The Pace of a Long Distance Runner

I just read Ed Ayre's piece in Grist, What Runner's Teach Us About Sustainability, and I have to agree with him about the need for us to take a long distance runner's pace. 

Just yesterday I ran my first 10 K race--which is not long in the way Ed Ayres decribes, but still long and challenging for me (the quite hilly Cow Harbor Race in Northport, NY).  I found myself going slowly, not pushing things, and pacing myself.  I ended up with pretty good time in the end, but that wasn't the point.  There was quiet and a sense of community with my fellow runners and the folks in the town at large.  People came out with water for us; they cheered us on with songs and signs and hand slaps.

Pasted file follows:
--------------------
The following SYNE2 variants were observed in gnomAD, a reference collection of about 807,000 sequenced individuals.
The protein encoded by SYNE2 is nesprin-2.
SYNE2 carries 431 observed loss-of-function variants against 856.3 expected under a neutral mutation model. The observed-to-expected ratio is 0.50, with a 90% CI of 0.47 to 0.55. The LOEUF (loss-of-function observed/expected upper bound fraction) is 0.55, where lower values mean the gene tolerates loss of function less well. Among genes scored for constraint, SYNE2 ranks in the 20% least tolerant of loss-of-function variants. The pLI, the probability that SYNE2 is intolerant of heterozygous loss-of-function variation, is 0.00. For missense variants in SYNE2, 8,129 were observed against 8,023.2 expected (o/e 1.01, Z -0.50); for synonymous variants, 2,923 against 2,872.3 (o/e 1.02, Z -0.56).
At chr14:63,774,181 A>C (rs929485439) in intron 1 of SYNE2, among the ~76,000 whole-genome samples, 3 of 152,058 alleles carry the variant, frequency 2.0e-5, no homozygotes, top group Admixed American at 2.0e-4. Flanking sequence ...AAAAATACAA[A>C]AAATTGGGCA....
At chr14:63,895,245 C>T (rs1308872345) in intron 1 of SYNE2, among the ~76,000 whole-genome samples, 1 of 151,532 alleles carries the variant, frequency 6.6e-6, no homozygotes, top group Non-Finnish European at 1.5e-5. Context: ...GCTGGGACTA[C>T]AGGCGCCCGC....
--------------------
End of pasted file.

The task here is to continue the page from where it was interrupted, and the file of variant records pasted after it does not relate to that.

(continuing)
For the rest of the day, my internal pace changed. I felt peaceful, moved slowly, "accomplished" and consumed less.  The day ended with a hike in a local park, where I looked at clouds and watched egret and Canada Geese fly in the sky. 


If as a culture we could slow down to the long distance runner's pace, that would be a good thing for the planet, and for us.